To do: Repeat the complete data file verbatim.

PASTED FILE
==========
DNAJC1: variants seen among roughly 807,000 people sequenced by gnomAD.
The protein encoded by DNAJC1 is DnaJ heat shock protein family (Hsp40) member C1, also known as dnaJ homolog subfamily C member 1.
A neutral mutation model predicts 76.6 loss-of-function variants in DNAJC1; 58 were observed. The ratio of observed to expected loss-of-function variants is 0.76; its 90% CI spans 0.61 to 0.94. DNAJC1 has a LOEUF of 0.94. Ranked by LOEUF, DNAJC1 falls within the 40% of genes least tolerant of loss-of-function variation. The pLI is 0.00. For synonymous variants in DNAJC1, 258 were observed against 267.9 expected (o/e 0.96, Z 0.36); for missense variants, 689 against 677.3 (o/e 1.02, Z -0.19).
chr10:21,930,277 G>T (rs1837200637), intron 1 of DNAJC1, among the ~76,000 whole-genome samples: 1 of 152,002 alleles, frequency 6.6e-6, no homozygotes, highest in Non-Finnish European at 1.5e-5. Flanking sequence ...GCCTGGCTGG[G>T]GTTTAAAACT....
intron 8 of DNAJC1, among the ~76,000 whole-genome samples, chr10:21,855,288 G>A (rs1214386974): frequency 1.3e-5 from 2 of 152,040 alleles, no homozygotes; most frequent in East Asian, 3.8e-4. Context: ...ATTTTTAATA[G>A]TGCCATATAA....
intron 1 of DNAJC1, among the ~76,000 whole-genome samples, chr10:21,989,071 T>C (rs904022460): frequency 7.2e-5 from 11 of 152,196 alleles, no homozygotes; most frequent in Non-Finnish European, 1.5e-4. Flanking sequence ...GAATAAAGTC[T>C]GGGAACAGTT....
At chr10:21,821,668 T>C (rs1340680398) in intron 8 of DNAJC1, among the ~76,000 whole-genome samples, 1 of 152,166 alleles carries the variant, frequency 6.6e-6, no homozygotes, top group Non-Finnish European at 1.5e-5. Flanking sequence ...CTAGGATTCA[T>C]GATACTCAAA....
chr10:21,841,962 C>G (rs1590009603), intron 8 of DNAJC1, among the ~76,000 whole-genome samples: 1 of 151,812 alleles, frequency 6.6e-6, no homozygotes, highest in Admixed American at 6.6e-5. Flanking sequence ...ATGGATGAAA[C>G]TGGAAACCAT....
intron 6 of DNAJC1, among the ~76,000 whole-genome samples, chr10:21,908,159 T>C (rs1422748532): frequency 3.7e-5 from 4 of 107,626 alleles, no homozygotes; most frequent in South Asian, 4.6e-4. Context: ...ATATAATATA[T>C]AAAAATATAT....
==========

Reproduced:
DNAJC1: variants seen among roughly 807,000 people sequenced by gnomAD.
The protein encoded by DNAJC1 is DnaJ heat shock protein family (Hsp40) member C1, also known as dnaJ homolog subfamily C member 1.
A neutral mutation model predicts 76.6 loss-of-function variants in DNAJC1; 58 were observed. The ratio of observed to expected loss-of-function variants is 0.76; its 90% CI spans 0.61 to 0.94. DNAJC1 has a LOEUF of 0.94. Ranked by LOEUF, DNAJC1 falls within the 40% of genes least tolerant of loss-of-function variation. The pLI is 0.00. For synonymous variants in DNAJC1, 258 were observed against 267.9 expected (o/e 0.96, Z 0.36); for missense variants, 689 against 677.3 (o/e 1.02, Z -0.19).
chr10:21,930,277 G>T (rs1837200637), intron 1 of DNAJC1, among the ~76,000 whole-genome samples: 1 of 152,002 alleles, frequency 6.6e-6, no homozygotes, highest in Non-Finnish European at 1.5e-5. Flanking sequence ...GCCTGGCTGG[G>T]GTTTAAAACT....
intron 8 of DNAJC1, among the ~76,000 whole-genome samples, chr10:21,855,288 G>A (rs1214386974): frequency 1.3e-5 from 2 of 152,040 alleles, no homozygotes; most frequent in East Asian, 3.8e-4. Context: ...ATTTTTAATA[G>A]TGCCATATAA....
intron 1 of DNAJC1, among the ~76,000 whole-genome samples, chr10:21,989,071 T>C (rs904022460): frequency 7.2e-5 from 11 of 152,196 alleles, no homozygotes; most frequent in Non-Finnish European, 1.5e-4. Flanking sequence ...GAATAAAGTC[T>C]GGGAACAGTT....
At chr10:21,821,668 T>C (rs1340680398) in intron 8 of DNAJC1, among the ~76,000 whole-genome samples, 1 of 152,166 alleles carries the variant, frequency 6.6e-6, no homozygotes, top group Non-Finnish European at 1.5e-5. Flanking sequence ...CTAGGATTCA[T>C]GATACTCAAA....
chr10:21,841,962 C>G (rs1590009603), intron 8 of DNAJC1, among the ~76,000 whole-genome samples: 1 of 151,812 alleles, frequency 6.6e-6, no homozygotes, highest in Admixed American at 6.6e-5. Flanking sequence ...ATGGATGAAA[C>G]TGGAAACCAT....
intron 6 of DNAJC1, among the ~76,000 whole-genome samples, chr10:21,908,159 T>C (rs1422748532): frequency 3.7e-5 from 4 of 107,626 alleles, no homozygotes; most frequent in South Asian, 4.6e-4. Context: ...ATATAATATA[T>C]AAAAATATAT....